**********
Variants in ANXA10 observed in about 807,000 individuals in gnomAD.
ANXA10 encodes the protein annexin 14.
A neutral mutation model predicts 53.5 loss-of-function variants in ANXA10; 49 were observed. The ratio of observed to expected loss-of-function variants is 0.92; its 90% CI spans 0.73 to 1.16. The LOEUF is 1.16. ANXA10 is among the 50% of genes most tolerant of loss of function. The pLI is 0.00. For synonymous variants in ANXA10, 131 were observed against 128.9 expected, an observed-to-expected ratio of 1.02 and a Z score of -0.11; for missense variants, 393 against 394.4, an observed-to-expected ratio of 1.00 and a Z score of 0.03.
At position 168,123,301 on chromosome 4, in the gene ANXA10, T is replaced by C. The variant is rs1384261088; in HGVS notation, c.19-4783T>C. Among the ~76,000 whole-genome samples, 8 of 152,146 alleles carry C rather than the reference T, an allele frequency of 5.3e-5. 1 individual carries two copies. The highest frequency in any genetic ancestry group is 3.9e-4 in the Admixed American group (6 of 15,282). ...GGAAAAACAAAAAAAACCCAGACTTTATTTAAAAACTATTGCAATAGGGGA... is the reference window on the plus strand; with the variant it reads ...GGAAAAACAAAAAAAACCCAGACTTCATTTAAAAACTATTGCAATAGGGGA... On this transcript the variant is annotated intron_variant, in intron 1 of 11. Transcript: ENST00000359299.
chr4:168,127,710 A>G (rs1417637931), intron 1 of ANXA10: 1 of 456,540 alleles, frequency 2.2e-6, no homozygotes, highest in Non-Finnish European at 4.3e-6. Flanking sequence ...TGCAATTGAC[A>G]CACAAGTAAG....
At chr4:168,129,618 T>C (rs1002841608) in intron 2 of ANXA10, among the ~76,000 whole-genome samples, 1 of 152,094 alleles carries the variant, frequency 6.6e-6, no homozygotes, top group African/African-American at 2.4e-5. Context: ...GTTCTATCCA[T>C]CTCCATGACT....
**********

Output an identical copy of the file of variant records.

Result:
Variants in ANXA10 observed in about 807,000 individuals in gnomAD.
ANXA10 encodes the protein annexin 14.
A neutral mutation model predicts 53.5 loss-of-function variants in ANXA10; 49 were observed. The ratio of observed to expected loss-of-function variants is 0.92; its 90% CI spans 0.73 to 1.16. The LOEUF is 1.16. ANXA10 is among the 50% of genes most tolerant of loss of function. The pLI is 0.00. For synonymous variants in ANXA10, 131 were observed against 128.9 expected, an observed-to-expected ratio of 1.02 and a Z score of -0.11; for missense variants, 393 against 394.4, an observed-to-expected ratio of 1.00 and a Z score of 0.03.
At position 168,123,301 on chromosome 4, in the gene ANXA10, T is replaced by C. The variant is rs1384261088; in HGVS notation, c.19-4783T>C. Among the ~76,000 whole-genome samples, 8 of 152,146 alleles carry C rather than the reference T, an allele frequency of 5.3e-5. 1 individual carries two copies. The highest frequency in any genetic ancestry group is 3.9e-4 in the Admixed American group (6 of 15,282). ...GGAAAAACAAAAAAAACCCAGACTTTATTTAAAAACTATTGCAATAGGGGA... is the reference window on the plus strand; with the variant it reads ...GGAAAAACAAAAAAAACCCAGACTTCATTTAAAAACTATTGCAATAGGGGA... On this transcript the variant is annotated intron_variant, in intron 1 of 11. Transcript: ENST00000359299.
chr4:168,127,710 A>G (rs1417637931), intron 1 of ANXA10: 1 of 456,540 alleles, frequency 2.2e-6, no homozygotes, highest in Non-Finnish European at 4.3e-6. Flanking sequence ...TGCAATTGAC[A>G]CACAAGTAAG....
At chr4:168,129,618 T>C (rs1002841608) in intron 2 of ANXA10, among the ~76,000 whole-genome samples, 1 of 152,094 alleles carries the variant, frequency 6.6e-6, no homozygotes, top group African/African-American at 2.4e-5. Context: ...GTTCTATCCA[T>C]CTCCATGACT....